Goodreads): An amazing talent makes her debut with this stylish psychological thriller—with the compelling intrigue of The Silent Wife and Turn of Mind and the white-knuckle pacing of Before I Go to Sleep —in which a woman suffering from bipolar disorder cannot remember if she murdered her friend during a breakdown.
Dana Catrell is horrified to learn she was the last person to see her neighbor Celia alive. Suffering from a devastating mania, a result of her bipolar disorder, Dana finds that there are troubling holes in her memory, including what happened on the afternoon of Celia's death. As evidence starts to point in her direction, Dana struggles to clear her name before her own demons win out.
Is murder on her mind - or is it all in her head?
The closer she comes to piecing together shards of her broken memory, the more Dana falls apart. Is there a murderer lurking inside her . . . or is there one out there in the shadows of reality, waiting to strike again? A story of marriage, murder and madness, The Pocket Wife explores the world through the foggy lens of a woman on the edge.
And here's what I thought: I picked up a galley of this book at the ALA Midwinter conference on Saturday, opened it on the train ride home, and finished it this morning. Can you tell I had a hard time putting it down? I found I kept turning the pages, worried for the main character, and wondering what would happen by the end of the book.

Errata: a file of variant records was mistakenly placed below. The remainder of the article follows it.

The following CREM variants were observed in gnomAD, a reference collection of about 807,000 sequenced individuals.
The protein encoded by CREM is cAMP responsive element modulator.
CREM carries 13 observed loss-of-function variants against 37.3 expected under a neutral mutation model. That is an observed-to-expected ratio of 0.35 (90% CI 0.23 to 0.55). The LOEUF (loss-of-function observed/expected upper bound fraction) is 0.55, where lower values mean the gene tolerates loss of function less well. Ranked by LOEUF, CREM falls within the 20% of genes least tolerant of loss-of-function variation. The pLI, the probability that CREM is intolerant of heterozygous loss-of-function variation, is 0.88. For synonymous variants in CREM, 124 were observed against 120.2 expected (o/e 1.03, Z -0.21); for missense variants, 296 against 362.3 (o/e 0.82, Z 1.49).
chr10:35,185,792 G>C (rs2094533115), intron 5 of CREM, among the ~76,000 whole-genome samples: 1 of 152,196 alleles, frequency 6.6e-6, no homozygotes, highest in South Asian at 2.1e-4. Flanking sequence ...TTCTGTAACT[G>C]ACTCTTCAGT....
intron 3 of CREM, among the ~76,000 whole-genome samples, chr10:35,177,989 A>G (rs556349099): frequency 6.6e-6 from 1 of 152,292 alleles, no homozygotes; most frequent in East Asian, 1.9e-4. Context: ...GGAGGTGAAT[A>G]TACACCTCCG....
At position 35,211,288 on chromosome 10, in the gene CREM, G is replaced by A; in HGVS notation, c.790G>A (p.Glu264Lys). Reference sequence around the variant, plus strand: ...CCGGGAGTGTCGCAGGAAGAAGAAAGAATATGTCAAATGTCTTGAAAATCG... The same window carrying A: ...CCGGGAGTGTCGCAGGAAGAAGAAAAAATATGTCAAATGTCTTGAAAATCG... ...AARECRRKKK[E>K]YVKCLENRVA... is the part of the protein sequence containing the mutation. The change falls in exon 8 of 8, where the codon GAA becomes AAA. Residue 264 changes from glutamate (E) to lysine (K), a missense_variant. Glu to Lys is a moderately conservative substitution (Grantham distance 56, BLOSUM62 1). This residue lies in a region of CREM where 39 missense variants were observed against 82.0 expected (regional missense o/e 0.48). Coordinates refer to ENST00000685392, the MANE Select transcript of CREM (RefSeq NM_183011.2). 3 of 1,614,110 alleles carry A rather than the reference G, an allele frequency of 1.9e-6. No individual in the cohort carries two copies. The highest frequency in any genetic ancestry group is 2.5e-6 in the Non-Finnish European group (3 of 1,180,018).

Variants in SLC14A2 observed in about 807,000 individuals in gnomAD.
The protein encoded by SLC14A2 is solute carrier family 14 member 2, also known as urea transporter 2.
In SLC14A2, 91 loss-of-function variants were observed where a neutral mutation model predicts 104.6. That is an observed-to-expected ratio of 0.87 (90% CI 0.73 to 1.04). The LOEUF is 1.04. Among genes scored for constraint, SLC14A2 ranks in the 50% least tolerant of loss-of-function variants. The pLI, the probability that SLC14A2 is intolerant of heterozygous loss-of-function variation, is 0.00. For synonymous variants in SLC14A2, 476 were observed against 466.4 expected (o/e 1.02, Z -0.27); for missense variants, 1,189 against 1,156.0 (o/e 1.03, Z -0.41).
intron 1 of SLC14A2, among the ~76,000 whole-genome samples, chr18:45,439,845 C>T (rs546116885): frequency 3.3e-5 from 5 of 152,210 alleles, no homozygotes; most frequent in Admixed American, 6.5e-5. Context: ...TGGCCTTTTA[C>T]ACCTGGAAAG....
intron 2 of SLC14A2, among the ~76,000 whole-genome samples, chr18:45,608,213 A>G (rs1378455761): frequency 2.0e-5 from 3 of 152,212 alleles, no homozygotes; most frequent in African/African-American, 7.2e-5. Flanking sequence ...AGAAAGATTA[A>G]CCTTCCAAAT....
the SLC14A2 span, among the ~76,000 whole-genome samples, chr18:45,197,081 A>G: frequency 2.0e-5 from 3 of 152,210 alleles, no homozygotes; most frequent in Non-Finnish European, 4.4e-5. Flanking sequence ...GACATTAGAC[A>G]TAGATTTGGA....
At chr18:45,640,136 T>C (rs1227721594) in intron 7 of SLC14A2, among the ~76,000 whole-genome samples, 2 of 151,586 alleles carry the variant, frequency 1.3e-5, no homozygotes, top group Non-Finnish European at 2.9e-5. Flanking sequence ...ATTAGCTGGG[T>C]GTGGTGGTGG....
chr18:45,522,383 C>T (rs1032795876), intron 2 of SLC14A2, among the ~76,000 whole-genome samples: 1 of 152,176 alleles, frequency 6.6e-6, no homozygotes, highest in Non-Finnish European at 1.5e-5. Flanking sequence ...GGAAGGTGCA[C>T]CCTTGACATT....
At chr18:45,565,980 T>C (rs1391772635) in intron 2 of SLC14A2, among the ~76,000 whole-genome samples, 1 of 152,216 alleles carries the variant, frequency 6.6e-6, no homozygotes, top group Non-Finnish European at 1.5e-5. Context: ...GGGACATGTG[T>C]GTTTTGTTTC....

As you can see from the summary, Dana is a woman who has issues, and this makes her into a somewhat unreliable narrator. At times, you have a difficult time telling if something is really happening or is in her mind. I also felt like I couldn't quite get to know her well as a character, like I was seeing her out of the corner of my eye, but never complete and in focus. However, I found that I enjoyed that, and how it kept me feeling a bit off balance throughout the story. It's hard to tell what's real, and who might be telling the truth or lying, and combined with the steady pace, it made for a great thriller.
I do not have any personal experience with bipolar disorder, so I cannot speak to how accurately Dana's character is portrayed. However, she felt real enough to me that I worried about her, and felt like at times, I was on edge right with her. I can't say that I really liked her as a character, but I did feel sympathetic towards her. I actually don't feel it necessary to like characters; what I need is to find them interesting, or the story interesting. In this story, the off-balance quality that seemed to be careening steadily towards falling off the edge completely kept me reading.
First lines: The ambulance is still miles away when Dana awakens to the near dark of evening. It wails ribbon-thin in the smog over the highway as she opens her eyes where she lies sprawled across her couch in a suburb of Paterson, a stone's throw from Manhattan but in a different world entirely. She wakes to a headache throbbing at the backs of her lids, a library book lying beside her. She sits up and reaches for the book, marking her place with a tiny corner fold, giving it a little pat as she sets it on the coffee table.